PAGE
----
I tried another experiment in home heating in February, this time fully heating just one room in my house while providing partial heat to the rest of the house. It was less of a compromise than I expected, and it cut my heating bill by a lot.
I imagined I might start to feel cooped up in my office, but that rarely happened — no more often, I think, than any other time. Actually, as I was in the middle of a tape archive project, I was going to be in the office most of the day anyway. I had to plan my showers an hour in advance so I could heat up the bathroom, but in practice, I can usually predict my showers more than a day in advance, so that wasn’t a problem.
I paid about $4 a day for heat, the least I have ever paid in a winter month, and while saving $8 a day might not sound like a big deal, it’s enough money to notice the difference at the end of the month.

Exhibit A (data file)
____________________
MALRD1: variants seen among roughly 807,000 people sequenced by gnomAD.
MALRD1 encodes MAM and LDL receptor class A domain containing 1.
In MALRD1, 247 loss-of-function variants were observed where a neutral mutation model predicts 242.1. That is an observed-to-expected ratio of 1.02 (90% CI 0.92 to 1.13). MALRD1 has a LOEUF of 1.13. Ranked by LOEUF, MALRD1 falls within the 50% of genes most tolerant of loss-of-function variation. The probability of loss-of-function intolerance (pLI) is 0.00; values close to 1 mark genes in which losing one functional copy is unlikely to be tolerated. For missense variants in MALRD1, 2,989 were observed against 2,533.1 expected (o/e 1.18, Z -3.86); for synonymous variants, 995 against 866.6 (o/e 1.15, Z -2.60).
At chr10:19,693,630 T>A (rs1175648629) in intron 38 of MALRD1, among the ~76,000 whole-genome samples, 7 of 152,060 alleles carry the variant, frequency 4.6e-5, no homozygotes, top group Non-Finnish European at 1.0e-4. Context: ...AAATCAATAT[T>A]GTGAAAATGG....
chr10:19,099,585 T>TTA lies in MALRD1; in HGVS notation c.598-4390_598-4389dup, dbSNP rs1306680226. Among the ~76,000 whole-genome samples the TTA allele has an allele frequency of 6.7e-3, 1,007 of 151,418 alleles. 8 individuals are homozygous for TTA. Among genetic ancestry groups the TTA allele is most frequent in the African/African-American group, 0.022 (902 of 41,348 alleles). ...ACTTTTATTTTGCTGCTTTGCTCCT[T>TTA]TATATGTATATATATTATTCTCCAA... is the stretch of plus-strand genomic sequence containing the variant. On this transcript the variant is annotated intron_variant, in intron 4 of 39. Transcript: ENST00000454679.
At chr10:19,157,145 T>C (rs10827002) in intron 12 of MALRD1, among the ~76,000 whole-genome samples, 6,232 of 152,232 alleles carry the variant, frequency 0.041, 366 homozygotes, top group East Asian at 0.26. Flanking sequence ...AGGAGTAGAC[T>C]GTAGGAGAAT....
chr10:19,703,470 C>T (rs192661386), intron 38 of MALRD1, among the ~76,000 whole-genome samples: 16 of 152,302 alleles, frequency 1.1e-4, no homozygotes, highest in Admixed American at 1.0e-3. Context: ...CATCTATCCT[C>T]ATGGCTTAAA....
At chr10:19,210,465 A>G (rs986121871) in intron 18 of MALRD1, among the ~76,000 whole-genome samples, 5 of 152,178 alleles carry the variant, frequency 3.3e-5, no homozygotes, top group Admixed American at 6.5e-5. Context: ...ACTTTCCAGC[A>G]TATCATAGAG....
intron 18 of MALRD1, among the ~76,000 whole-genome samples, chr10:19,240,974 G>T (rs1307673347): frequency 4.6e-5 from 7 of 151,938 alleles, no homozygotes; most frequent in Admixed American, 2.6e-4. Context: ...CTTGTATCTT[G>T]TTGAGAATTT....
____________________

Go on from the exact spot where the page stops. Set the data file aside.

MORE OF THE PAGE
I’ve been experimenting with home heating approaches because of the possibility that heating oil could someday cost $6 a gallon. That looked like a possibility for this winter just 7 months ago, which tells you how quickly it could happen. That’s a price at which home heating would become unaffordable for a great many people. Fully heating my house at that price would cost me more than $30 a day in winter — getting away to somewhere tropical might actually cost less than staying home.
But people can spend less by switching to electric heat and leaving some rooms only partially heated. It’s an especially useful strategy for a house that, much of the time, has only one or two people in it — but these days, a lot of houses are used that way.